Conditional Python Dependencies

Since the inception of wheels that install Python packages without executing arbitrary code, we need a static way to encode conditional dependencies for our packages. Thanks to PEP 508 we do have a blessed way but sadly the prevalence of old setuptools versions makes it a minefield to use.

Let’s assume you want to depend on the monotonic package, if the Python – which your package is being installed on – is older than 3.3 (which added time.monotonic()). This most notably means that the Python version that is building the wheel is different from the Python version that is installing it.

PEP 508

How hard can that be, since PEP 508 defines python_version as one of the environment markers that are intended for just this purpose along with the syntax:

setup(
    # ...
    install_requires=[
        # ...
        "monotonic ; python_version<'3.3'",
    ]
)

Sadly this – as of setuptools 21 – does silently nothing.

Working Approach

Since setuptools 18.0, you can use a very similar syntax that is based on extras_require and that actually works (but is only documented in the wheel docs):

setup(
    # ...
    extras_require={
        # ...
        ":python_version<'3.3'": ["monotonic"],
    }
)

However this explodes on any version of setuptools older than 18.0. For internal packages, it doesn’t matter and you should go for it. But if you put something on PyPI and don’t want to spend your time closing bogus bug reports, you should read on.

setup.cfg & [metadata]

One common approach used to be to put this information into setup.cfg. That prevented the dependencies from being added but at least nothing broke. However according to the wheel docs, this is deprecated.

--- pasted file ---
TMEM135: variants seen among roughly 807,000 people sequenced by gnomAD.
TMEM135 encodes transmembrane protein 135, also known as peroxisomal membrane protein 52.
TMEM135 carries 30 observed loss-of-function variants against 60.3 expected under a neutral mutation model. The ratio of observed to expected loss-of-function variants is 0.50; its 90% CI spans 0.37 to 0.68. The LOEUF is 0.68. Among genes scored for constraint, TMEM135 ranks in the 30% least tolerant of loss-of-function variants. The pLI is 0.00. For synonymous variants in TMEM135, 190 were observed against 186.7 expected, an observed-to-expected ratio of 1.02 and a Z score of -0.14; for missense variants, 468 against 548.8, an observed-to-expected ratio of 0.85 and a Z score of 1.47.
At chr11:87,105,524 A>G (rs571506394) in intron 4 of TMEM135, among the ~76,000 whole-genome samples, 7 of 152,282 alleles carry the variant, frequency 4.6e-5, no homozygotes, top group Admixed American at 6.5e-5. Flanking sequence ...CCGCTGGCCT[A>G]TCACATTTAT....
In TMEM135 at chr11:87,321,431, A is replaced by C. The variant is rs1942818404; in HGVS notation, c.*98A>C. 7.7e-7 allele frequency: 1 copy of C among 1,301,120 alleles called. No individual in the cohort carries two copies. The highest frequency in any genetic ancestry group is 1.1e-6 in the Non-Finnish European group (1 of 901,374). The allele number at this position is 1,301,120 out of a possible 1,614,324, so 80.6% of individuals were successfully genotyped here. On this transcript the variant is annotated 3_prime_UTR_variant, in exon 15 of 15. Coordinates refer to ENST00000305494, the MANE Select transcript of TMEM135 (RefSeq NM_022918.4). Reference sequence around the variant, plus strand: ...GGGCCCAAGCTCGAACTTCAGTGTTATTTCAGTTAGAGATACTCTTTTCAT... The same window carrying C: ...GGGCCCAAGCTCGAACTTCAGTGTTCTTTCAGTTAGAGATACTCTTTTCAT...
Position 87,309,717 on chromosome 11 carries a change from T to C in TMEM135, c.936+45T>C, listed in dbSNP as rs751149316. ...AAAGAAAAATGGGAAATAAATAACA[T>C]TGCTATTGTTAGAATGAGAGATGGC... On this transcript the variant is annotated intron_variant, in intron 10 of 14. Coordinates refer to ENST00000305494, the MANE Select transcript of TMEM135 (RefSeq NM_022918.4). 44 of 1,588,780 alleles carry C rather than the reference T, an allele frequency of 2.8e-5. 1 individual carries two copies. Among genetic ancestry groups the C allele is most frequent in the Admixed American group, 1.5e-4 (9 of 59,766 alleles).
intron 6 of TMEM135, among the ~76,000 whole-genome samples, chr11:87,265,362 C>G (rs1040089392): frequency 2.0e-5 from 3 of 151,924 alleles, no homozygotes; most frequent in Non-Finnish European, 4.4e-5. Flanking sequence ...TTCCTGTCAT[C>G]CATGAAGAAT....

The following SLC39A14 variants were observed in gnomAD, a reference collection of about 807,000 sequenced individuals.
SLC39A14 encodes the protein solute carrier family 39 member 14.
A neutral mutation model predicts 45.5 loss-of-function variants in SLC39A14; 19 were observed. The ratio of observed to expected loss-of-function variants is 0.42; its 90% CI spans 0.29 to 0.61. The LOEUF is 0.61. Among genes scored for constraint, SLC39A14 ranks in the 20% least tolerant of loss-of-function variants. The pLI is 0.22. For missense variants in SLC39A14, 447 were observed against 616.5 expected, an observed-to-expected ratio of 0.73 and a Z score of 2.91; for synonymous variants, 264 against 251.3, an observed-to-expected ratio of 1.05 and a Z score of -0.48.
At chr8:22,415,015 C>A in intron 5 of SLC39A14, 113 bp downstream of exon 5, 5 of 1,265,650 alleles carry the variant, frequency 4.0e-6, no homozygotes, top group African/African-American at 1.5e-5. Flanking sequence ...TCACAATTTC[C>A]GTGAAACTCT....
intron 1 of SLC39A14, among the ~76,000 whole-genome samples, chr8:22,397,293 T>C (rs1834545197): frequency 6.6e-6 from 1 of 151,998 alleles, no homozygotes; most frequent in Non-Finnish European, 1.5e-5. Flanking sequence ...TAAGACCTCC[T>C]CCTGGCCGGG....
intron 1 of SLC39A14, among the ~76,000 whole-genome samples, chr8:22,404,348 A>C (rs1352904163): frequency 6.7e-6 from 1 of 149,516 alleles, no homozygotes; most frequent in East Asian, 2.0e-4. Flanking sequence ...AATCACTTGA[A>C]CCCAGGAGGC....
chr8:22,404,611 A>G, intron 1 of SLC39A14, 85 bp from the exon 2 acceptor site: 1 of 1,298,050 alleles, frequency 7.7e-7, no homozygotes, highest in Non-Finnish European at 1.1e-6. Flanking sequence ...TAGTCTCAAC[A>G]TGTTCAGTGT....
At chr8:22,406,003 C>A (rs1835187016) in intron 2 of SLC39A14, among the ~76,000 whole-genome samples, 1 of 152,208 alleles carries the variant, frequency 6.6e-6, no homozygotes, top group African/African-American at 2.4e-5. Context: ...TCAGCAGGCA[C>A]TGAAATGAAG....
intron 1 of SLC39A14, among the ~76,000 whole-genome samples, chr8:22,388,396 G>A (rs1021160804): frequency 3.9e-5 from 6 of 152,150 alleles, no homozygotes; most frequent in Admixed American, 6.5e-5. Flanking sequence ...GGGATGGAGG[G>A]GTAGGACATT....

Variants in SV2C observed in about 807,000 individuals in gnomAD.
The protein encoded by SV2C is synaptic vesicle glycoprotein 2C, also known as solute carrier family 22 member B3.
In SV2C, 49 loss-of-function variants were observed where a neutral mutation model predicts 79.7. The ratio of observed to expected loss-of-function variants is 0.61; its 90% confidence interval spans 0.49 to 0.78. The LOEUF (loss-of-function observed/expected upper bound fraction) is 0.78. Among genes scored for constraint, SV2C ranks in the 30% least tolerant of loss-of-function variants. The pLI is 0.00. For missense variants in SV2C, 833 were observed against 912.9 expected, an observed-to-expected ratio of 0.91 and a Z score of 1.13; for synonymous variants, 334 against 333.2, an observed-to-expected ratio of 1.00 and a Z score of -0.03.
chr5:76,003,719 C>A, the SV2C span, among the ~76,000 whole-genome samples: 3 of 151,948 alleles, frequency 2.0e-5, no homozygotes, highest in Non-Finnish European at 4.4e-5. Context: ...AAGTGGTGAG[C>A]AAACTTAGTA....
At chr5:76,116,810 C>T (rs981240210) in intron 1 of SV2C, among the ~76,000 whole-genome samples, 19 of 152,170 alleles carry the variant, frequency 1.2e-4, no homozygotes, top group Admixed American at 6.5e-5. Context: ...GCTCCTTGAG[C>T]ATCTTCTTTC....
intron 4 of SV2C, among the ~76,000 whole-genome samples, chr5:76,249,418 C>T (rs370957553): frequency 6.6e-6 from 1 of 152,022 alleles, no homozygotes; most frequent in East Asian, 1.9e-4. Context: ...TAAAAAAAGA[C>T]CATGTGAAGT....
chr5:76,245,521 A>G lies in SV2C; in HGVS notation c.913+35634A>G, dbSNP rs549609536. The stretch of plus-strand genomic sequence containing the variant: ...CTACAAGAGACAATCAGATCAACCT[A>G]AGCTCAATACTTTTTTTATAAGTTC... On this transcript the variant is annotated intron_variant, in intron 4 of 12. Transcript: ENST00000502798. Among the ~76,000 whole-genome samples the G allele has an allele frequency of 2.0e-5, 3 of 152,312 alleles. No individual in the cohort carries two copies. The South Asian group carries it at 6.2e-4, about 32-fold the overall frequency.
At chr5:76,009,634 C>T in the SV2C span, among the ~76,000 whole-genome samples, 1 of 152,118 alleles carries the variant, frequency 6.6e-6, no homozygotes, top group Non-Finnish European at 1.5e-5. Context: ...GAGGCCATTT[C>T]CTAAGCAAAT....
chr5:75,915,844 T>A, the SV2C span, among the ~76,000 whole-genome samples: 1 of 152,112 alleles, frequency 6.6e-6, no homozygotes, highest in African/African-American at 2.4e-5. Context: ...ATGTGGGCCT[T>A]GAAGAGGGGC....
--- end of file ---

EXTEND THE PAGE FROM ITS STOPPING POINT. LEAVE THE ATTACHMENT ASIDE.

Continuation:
Fixing sdist

People who run old versions of setuptools are also likely to run an sdist-only system without any wheel support whatsoever. That means that setup.py is invoked on each installation which in turn means we can add it to our requirements dynamically:

INSTALL_REQUIRES = [
    # ...
]
EXTRAS_REQUIRE = {
    # ...
}

if int(setuptools.__version__.split(".", 1)[0]) < 18:
    if sys.version_info[0:2] < (3, 3):
        INSTALL_REQUIRES.append("monotonic")
else:
    EXTRAS_REQUIRE[":python_version<'3.3'"] = ["monotonic"]

setup(
    # ...
    install_requires=INSTALL_REQUIRES,
    extras_require=EXTRAS_REQUIRE,
)

The reason for the barbaric version parsing is that if setuptools is really old and maybe carries some baggage from upstream in its version, pkg_resources.parse_version() and distutils.version.LooseVersion() may fail in weird ways. The first part of versions is usually untouched.

Universal Wheels

Most of the wheels people build are universal: they’re the same for Python 2 and 3. It’s indicated by adding this snippet to your setup.cfg:

[bdist_wheel]
universal = 1

If you use the solution from before, this can be a problem. When building a wheel using a pre-18.0 setuptools, it will either always (if the Python is 3.3 or later) or never (if the Python is older) depend on the extra dependency.

And this is more than an intellectual exercise because modern pips try to wheel and cache any dependency they install. Therefore a modern pip paired with an old setuptools can create cached wheels with broken dependencies.

You have multiple options here:

  1. Error on bdist_wheel for old versions of setuptools.
  2. Make your wheel not universal and then either upload two versions of it to PyPI…
  3. …or override the setting using python setup.py bdist_wheel --universal when you build yourself.

I’ve personally decided for option 1 and added an

assert "bdist_wheel" not in sys.argv

to the < 18 path.

Closing

Do not even think about using this article to disparage the current packaging maintainers. Python packaging made progress in the past years I never thought possible.

But we still have a decade of technical debt to clean up.

Acknowlegements

Thanks to Donald Stufft for being the only person who understands Python packaging and has the patience to explain. And the amazing Frinkiac that made it possible to express my feelings.